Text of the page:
In your box:


–Beet greens

–Cabbage, broccoli or kale


–Head lettuce

–Summer squash

–Sweet onion


The good news this week is the survival of yours truly through all the nasty heat and humidity last week. We hit 98 degrees twice last week, and I had to stop frequently to wring myself out. The plants seemed to come through the heat wave quite well, and we picked up two inches of rain throughout the day on Saturday to keep everything growing nicely.

There are years that I dread the last two weeks of July, which are typically the hottest time of the year. Weeds are growing with reckless abandon while I have to limit my working hours to stay cool. But this year the weeds are remarkably under control, the gardens are in great shape, and I could take some nice siestas without worrying about the state of things on the farm. And—best of all—the mosquito population has finally abated, the deer flies are ending their reign of terror, and life is pretty good for this farmer.

Maybe our most welcome addition this week is our first harvest of Tomatoes! Tomatoes typically ripen slowly and tend to increase in production only gradually throughout August, but after last week’s heat wave we had a great first picking with many more to come. Most of what are ready now are non-heirloom varieties, the “Juliet” plums and specialty greenhouse varieties like “Arbason” and “Lola.” The meatier, better-tasting cultivars like “Brandywine” and “Cherokee Purple” take a few more weeks to ripen, but they should be on their way shortly. We also have a couple of orange varieties that have much less acidity and are favored by me. I’m also trying out a purplish-black variety called “Black Prince” this year that I’m excited for. I expect to have tomatoes in your box for every week from now until late September, unless we have a surprisingly early frost.

This week we finally start to welcome a couple of crops that I gave up for dead ten weeks ago: Cabbage and Broccoli. Both of them had just been transplanted out to the field just a few days before we had back-to-back nights in the 20’s on May 14th and 15th. This was pretty late for a frost, but I’d never experienced such a hard freeze that late before. The plants lost all their leaves and took a couple weeks to really come back to life. But their roots must have stayed warm enough, because they quickly regenerated and did their best to make it onto your plate. I feel a little guilty killing poor plants that have overcome such odds and only wanted to live—but I’ve found that no one wants to pay me to have a pretty garden and treat my plants like my children.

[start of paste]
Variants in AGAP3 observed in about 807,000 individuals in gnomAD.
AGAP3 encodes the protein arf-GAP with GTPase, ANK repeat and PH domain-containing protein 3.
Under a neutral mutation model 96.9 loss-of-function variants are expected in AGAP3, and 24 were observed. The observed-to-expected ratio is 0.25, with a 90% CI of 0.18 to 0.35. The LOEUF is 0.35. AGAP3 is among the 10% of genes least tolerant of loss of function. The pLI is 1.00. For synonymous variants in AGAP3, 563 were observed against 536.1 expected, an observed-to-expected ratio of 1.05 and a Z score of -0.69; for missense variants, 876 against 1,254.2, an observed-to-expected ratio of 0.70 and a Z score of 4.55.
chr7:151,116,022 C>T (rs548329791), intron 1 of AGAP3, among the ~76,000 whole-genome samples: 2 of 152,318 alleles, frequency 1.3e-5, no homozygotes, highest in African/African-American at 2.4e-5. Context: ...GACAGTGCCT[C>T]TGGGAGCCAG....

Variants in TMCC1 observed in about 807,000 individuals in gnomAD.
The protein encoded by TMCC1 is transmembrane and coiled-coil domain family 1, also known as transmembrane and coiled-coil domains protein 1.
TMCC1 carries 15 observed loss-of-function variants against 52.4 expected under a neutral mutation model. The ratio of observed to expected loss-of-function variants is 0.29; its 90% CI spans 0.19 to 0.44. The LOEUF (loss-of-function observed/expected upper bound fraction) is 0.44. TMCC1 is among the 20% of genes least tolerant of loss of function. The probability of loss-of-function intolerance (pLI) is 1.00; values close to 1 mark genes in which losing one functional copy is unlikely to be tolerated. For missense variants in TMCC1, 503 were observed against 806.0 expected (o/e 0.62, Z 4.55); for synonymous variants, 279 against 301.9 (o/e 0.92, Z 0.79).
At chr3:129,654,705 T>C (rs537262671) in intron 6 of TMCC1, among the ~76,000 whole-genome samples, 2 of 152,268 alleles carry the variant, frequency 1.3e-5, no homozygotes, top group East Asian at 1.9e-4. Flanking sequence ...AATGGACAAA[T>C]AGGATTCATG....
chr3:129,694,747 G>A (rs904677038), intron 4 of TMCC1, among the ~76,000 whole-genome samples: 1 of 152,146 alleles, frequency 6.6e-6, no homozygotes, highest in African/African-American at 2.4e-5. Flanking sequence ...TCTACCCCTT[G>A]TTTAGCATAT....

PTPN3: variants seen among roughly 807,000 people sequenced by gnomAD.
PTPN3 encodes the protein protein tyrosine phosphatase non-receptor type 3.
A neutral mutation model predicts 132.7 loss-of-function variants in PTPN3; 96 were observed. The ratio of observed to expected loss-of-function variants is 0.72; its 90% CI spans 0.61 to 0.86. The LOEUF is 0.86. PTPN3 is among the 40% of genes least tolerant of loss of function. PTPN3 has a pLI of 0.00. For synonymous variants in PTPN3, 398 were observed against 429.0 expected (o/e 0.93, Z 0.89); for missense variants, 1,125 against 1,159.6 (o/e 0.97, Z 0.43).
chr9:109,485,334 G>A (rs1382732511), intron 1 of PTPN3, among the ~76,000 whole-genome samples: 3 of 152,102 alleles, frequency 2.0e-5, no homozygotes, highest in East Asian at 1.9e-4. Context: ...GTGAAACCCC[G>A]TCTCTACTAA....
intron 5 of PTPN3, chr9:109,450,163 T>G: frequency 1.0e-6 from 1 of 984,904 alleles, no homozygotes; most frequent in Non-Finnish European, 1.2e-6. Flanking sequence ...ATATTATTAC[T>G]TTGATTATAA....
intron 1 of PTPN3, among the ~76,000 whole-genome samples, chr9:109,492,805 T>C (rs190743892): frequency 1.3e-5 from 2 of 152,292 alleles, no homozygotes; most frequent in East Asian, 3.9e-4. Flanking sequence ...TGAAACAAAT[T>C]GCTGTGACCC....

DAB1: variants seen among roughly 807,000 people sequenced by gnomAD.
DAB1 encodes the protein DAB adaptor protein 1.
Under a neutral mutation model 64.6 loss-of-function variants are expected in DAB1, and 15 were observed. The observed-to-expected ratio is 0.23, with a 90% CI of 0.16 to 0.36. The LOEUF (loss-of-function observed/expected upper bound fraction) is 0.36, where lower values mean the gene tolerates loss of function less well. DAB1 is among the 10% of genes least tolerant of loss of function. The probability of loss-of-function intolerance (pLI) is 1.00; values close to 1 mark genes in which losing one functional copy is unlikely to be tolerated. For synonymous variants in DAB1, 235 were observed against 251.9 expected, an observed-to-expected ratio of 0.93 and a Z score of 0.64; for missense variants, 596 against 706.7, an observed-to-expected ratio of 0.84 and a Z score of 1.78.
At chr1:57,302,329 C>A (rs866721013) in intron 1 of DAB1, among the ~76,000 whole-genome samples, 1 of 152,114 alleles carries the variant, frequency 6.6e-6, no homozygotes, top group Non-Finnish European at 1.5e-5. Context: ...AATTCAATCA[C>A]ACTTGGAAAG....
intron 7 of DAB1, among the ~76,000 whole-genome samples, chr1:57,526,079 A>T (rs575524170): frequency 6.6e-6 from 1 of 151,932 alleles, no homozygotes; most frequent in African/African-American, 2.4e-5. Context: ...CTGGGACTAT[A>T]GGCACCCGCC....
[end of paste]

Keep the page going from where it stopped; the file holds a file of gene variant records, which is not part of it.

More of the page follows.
The broccoli has bounced back perfectly and will be offering its heads in your box over the next few weeks. Since it doesn’t all ripen at once, I’ll keep track of which boxes receive broccoli and make sure that everyone gets at least one head in the next few weeks. The cabbage did suffer some losses from the freeze, but it looks like we can still find one for everyone. We have two kinds of spring lettuce—a nice compact red variety and a pointy-topped kind called “Caraflex.” So over the next four weeks I hope that everyone will receive one supply each of broccoli, cabbage, kale, and chard. That should coincide with the first ears of corn coming in, so we should have some pretty hefty boxes for you for the next several weeks.

I should mention that we don’t wash the beans in your boxes but we do recommend that you do before consuming. Beans tend to get moldy once they are wet, and washing and drying individual beans for you is a little past my pay grade. But they will keep nicely in the bag in your fridge until you’re ready to wash and eat them. The beans are especially dirty this week, unfortunately—the plants are heavily laden with beans and tend to hang down to the ground, where they catch splashed-up mud from all the rain we received over the weekend.

We have another bunch of beet greens for you this week, although the beets are growing so quickly that many of them don’t really qualify as “baby” beets any more. I should be done with thinning them after one more week, and then I’ll start providing the typical beet root shortly after. I dug up a couple of potatoes over the weekend to check their progress, and it looks like they’ve done quite well this year. I’m planning to start digging those for you in two more weeks.

Expected next week: Endive, baby beet greens, summer squash, cucumbers, beans, red onion, cabbage or broccoli, and tomatoes.